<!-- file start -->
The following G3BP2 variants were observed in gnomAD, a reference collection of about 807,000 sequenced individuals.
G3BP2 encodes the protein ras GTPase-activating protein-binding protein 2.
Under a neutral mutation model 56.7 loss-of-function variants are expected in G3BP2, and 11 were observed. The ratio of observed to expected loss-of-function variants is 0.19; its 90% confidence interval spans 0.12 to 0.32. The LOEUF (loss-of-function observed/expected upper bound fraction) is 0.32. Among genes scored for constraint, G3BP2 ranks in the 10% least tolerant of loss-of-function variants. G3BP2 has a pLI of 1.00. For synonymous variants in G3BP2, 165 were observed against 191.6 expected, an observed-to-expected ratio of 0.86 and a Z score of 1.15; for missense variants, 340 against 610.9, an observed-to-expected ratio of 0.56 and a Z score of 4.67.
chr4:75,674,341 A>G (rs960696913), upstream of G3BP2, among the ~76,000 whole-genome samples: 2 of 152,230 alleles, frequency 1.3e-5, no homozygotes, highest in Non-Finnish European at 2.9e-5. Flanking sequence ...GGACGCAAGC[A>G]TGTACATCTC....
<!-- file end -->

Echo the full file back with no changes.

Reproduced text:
The following G3BP2 variants were observed in gnomAD, a reference collection of about 807,000 sequenced individuals.
G3BP2 encodes the protein ras GTPase-activating protein-binding protein 2.
Under a neutral mutation model 56.7 loss-of-function variants are expected in G3BP2, and 11 were observed. The ratio of observed to expected loss-of-function variants is 0.19; its 90% confidence interval spans 0.12 to 0.32. The LOEUF (loss-of-function observed/expected upper bound fraction) is 0.32. Among genes scored for constraint, G3BP2 ranks in the 10% least tolerant of loss-of-function variants. G3BP2 has a pLI of 1.00. For synonymous variants in G3BP2, 165 were observed against 191.6 expected, an observed-to-expected ratio of 0.86 and a Z score of 1.15; for missense variants, 340 against 610.9, an observed-to-expected ratio of 0.56 and a Z score of 4.67.
chr4:75,674,341 A>G (rs960696913), upstream of G3BP2, among the ~76,000 whole-genome samples: 2 of 152,230 alleles, frequency 1.3e-5, no homozygotes, highest in Non-Finnish European at 2.9e-5. Flanking sequence ...GGACGCAAGC[A>G]TGTACATCTC....